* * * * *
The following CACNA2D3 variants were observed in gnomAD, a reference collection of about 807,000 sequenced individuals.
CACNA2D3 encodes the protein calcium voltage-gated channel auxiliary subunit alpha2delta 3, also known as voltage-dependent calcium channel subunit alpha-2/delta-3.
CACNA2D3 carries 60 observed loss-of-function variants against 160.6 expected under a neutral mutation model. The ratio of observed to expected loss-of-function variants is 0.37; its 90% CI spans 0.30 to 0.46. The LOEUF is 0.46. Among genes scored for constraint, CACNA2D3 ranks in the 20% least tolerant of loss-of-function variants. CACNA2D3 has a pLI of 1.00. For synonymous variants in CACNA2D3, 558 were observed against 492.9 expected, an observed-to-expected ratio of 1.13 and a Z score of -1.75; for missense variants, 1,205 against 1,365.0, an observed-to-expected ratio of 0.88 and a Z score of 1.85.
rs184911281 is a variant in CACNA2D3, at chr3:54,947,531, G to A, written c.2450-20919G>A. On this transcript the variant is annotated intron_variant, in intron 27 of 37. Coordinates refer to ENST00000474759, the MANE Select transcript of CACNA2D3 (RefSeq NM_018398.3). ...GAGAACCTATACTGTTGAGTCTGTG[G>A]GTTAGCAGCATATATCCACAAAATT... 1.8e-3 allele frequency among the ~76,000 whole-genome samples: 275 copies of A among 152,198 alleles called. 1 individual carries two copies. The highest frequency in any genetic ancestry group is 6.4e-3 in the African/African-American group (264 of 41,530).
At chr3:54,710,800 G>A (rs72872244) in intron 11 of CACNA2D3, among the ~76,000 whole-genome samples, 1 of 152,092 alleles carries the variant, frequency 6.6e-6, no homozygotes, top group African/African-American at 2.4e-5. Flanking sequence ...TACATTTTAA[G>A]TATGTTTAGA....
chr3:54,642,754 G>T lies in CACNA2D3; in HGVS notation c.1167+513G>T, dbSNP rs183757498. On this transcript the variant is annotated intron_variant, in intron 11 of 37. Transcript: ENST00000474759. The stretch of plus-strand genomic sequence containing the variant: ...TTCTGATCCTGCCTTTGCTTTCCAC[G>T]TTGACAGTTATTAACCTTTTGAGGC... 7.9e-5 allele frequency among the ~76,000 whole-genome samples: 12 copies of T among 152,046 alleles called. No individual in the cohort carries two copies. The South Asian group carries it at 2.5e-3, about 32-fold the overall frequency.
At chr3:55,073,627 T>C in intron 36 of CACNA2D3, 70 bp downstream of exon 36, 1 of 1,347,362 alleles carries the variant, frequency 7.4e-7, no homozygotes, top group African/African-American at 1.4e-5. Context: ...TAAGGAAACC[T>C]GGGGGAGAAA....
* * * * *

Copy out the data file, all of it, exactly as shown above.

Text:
The following CACNA2D3 variants were observed in gnomAD, a reference collection of about 807,000 sequenced individuals.
CACNA2D3 encodes the protein calcium voltage-gated channel auxiliary subunit alpha2delta 3, also known as voltage-dependent calcium channel subunit alpha-2/delta-3.
CACNA2D3 carries 60 observed loss-of-function variants against 160.6 expected under a neutral mutation model. The ratio of observed to expected loss-of-function variants is 0.37; its 90% CI spans 0.30 to 0.46. The LOEUF is 0.46. Among genes scored for constraint, CACNA2D3 ranks in the 20% least tolerant of loss-of-function variants. CACNA2D3 has a pLI of 1.00. For synonymous variants in CACNA2D3, 558 were observed against 492.9 expected, an observed-to-expected ratio of 1.13 and a Z score of -1.75; for missense variants, 1,205 against 1,365.0, an observed-to-expected ratio of 0.88 and a Z score of 1.85.
rs184911281 is a variant in CACNA2D3, at chr3:54,947,531, G to A, written c.2450-20919G>A. On this transcript the variant is annotated intron_variant, in intron 27 of 37. Coordinates refer to ENST00000474759, the MANE Select transcript of CACNA2D3 (RefSeq NM_018398.3). ...GAGAACCTATACTGTTGAGTCTGTG[G>A]GTTAGCAGCATATATCCACAAAATT... 1.8e-3 allele frequency among the ~76,000 whole-genome samples: 275 copies of A among 152,198 alleles called. 1 individual carries two copies. The highest frequency in any genetic ancestry group is 6.4e-3 in the African/African-American group (264 of 41,530).
At chr3:54,710,800 G>A (rs72872244) in intron 11 of CACNA2D3, among the ~76,000 whole-genome samples, 1 of 152,092 alleles carries the variant, frequency 6.6e-6, no homozygotes, top group African/African-American at 2.4e-5. Flanking sequence ...TACATTTTAA[G>A]TATGTTTAGA....
chr3:54,642,754 G>T lies in CACNA2D3; in HGVS notation c.1167+513G>T, dbSNP rs183757498. On this transcript the variant is annotated intron_variant, in intron 11 of 37. Transcript: ENST00000474759. The stretch of plus-strand genomic sequence containing the variant: ...TTCTGATCCTGCCTTTGCTTTCCAC[G>T]TTGACAGTTATTAACCTTTTGAGGC... 7.9e-5 allele frequency among the ~76,000 whole-genome samples: 12 copies of T among 152,046 alleles called. No individual in the cohort carries two copies. The South Asian group carries it at 2.5e-3, about 32-fold the overall frequency.
At chr3:55,073,627 T>C in intron 36 of CACNA2D3, 70 bp downstream of exon 36, 1 of 1,347,362 alleles carries the variant, frequency 7.4e-7, no homozygotes, top group African/African-American at 1.4e-5. Context: ...TAAGGAAACC[T>C]GGGGGAGAAA....